Journalists covering the Tokyo Olympics will be TRACKED by GPS as organisers try to reassure the public the event will not be a Covid superspreading event

  • Organisers of 2020 games are trying to reassure public event can be held safely
  • Games chief said tracking tech will be used to ensure all journalists follow rules
  • Reporters will be urged to stay in designated hotels rather than private lodgings
  • New infections in Tokyo down to around 500 cases a day from 1,000 last month
  • Find out the latest Tokyo Olympic news including schedule, medal table and results right here.

Overseas journalists covering the Tokyo Olympics will have their movements tracked by GPS and could have their passes revoked if they break the rules.

Organisers of the 2020 Games, which open in just over six weeks, are trying to reassure a sceptical public that the event can be held safely under strict virus rules.

There are about 6,000 reporters visiting Japan for the Olympics. They have been told to provide a detailed list of areas they will visit for their first two weeks in Japan, such as sports venues and hotels.

Tokyo 2020 chief Seiko Hashimoto said tracking technology would be used to make sure they only go where they are supposed to.

Tokyo 2020 President Seiko Hashimoto has said overseas journalists covering the games will have their movements tracked by GPS and could have passes revoked if they break the rules

‘To make sure that people don’t go to places other than the places where they are registered to go, we will use GPS to strictly manage their behaviour,’ Hashimoto said before a Tokyo 2020 executive board meeting.

Reporters will be urged to stay in designated hotels rather than private lodgings, she added.

The number of hotels will be reduced from an originally planned 350 to around 150, she said, as organisers try to keep visitors under close supervision.

Athletes will also face tight restrictions on their movements as well as being tested daily for the virus.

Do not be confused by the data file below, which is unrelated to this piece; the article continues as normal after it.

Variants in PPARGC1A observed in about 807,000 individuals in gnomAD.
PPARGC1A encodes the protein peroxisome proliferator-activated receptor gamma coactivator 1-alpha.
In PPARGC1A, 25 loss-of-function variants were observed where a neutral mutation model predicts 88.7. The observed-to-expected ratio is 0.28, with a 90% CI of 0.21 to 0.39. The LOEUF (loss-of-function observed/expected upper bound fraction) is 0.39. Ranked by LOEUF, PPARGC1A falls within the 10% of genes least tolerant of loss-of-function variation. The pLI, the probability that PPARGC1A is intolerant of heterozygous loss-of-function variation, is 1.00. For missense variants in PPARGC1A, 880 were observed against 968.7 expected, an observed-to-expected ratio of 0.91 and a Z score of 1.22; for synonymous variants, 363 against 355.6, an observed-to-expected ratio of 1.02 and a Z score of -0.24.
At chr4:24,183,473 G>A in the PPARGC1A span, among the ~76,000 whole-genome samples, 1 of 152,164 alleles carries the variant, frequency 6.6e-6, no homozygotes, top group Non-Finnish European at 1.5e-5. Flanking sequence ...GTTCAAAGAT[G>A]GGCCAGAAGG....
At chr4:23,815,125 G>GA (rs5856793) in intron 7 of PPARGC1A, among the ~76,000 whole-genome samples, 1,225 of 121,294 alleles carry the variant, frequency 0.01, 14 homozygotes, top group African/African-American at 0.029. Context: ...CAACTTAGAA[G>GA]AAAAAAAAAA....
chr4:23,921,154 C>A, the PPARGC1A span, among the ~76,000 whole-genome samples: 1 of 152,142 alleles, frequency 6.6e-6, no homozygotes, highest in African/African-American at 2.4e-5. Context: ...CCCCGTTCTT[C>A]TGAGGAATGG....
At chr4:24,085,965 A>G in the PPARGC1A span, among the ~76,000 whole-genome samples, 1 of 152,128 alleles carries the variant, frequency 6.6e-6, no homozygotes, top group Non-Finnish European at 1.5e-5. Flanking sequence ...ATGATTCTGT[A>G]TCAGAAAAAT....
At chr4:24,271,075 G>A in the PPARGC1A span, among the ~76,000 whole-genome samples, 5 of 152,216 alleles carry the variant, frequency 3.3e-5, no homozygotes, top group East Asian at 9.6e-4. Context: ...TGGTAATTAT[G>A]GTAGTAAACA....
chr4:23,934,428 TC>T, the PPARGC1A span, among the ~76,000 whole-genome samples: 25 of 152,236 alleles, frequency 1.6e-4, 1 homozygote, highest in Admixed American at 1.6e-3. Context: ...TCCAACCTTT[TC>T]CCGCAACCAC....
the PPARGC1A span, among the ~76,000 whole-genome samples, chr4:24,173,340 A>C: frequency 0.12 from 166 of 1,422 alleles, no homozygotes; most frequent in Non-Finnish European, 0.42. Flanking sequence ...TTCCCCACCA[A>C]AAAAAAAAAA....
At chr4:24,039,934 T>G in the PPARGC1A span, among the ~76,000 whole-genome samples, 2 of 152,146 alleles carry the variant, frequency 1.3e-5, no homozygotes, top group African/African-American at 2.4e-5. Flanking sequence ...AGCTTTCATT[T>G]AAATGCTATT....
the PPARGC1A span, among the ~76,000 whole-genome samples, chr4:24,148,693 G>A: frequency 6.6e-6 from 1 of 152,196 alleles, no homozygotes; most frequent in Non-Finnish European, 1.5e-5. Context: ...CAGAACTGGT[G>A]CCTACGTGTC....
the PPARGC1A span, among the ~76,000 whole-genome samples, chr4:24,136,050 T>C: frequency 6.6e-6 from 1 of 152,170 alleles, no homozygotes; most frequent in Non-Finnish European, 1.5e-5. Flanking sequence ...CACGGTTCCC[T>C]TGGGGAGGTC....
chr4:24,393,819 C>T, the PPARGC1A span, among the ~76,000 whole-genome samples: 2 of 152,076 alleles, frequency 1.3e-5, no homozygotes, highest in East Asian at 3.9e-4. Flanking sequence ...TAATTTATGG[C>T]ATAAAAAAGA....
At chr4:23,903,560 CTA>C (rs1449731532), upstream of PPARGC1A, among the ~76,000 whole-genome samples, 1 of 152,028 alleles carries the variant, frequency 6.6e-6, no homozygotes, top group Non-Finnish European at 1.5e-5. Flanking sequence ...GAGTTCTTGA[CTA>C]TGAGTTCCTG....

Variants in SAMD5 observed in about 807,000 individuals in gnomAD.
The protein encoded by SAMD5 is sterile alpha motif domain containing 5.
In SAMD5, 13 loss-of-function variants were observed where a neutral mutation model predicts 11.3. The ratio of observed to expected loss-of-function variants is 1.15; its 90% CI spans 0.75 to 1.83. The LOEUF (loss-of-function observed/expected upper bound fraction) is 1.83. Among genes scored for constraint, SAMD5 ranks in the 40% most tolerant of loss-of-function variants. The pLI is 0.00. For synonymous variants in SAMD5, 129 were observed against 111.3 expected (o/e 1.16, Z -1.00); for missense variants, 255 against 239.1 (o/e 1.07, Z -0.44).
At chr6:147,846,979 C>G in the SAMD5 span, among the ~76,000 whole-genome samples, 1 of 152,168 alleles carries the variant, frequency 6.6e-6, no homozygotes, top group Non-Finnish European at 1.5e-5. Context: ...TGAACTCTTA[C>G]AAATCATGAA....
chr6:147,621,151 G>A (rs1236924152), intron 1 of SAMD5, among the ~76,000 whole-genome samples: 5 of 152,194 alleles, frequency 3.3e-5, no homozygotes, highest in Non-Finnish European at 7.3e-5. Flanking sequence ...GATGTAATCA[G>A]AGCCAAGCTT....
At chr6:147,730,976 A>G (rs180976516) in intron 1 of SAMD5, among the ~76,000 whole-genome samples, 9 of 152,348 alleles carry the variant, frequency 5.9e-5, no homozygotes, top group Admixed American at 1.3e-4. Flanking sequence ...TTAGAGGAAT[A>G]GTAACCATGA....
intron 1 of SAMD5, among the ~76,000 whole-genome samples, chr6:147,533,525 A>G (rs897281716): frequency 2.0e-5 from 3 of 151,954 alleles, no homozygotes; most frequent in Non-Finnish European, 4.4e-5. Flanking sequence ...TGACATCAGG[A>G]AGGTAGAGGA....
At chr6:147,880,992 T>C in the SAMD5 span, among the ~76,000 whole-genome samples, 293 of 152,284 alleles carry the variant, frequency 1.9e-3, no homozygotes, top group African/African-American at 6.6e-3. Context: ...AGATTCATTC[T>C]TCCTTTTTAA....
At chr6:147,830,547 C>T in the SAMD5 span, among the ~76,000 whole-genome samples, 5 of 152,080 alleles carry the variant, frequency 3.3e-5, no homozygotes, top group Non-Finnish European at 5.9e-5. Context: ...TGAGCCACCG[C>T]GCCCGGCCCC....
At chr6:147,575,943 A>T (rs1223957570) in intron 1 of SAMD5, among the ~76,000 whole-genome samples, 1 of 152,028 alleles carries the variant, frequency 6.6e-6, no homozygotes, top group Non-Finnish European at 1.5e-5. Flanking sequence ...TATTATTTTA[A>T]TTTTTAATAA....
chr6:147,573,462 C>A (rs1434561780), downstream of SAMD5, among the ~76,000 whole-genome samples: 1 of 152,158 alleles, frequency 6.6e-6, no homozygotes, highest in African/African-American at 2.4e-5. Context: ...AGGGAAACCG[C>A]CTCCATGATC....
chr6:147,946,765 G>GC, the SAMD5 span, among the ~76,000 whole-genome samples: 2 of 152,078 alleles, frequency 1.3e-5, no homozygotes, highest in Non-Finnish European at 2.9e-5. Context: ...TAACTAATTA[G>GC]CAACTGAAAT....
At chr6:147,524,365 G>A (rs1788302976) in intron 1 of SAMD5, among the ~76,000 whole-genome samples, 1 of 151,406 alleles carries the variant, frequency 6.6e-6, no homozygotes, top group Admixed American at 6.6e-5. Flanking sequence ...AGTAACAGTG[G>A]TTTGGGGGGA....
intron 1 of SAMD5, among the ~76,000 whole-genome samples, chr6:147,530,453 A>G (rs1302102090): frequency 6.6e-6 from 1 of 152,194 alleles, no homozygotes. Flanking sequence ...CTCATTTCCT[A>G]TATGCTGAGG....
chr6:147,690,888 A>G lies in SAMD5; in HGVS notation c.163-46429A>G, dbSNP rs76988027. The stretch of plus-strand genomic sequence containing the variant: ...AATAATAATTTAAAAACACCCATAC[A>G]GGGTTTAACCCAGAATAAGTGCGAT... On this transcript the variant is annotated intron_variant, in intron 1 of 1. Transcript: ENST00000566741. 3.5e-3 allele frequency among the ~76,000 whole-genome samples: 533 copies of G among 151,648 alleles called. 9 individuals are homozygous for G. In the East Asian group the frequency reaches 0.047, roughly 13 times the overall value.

Overseas fans have already been banned from attending the event, and organisers will decide later this month how many domestic spectators – if any – can watch the competitions.

‘Today we are only 45 days away from the opening ceremony, although the state of emergency is in effect and the situation remains severe nationwide,’ Ms Hashimoto told the executive board meeting. 

Pictured: Tokyo 2020 President Seiko Hashimoto, right, and CEO Toshiro Muto, left, converse before the start of the Tokyo 2020 Olympic Games’ executive board meeting held earlier today

Organisers are facing increasingly strong opposition to the games. Pictured: A protester holds a placard during a demonstration against the forthcoming Olympic Games in Tokyo, Japan

‘The number of new COVID-19 cases in Tokyo has started to decrease little by little and we strongly hope the situation will be under control as soon as possible.’

New infections in Tokyo are down to around 500 cases a day from 1,000 a month ago.

The number of hospitalizations and the seriously ill have also decreased, but the levels are still higher than last fall when COVID-19 variants were not prevalent in Japan.

Experts last week on the Tokyo Metropolitan Government’s pandemic panel said that movement of people in central Tokyo had been rising for three weeks. They warned new infections could rebound if people continue to increase their mobility.

Japan has seen a smaller Covid-19 outbreak than many countries, but until recently its vaccine roll-out has been relatively slow, with around 3.5 percent of the population fully vaccinated so far.

Japan has attributed about 13,500 deaths to COVID-19, good by some standards but not as low as many countries in Asia. 

National polls have tended to show that most respondents oppose holding the Olympics this summer, backing either a further postponement or cancellation.

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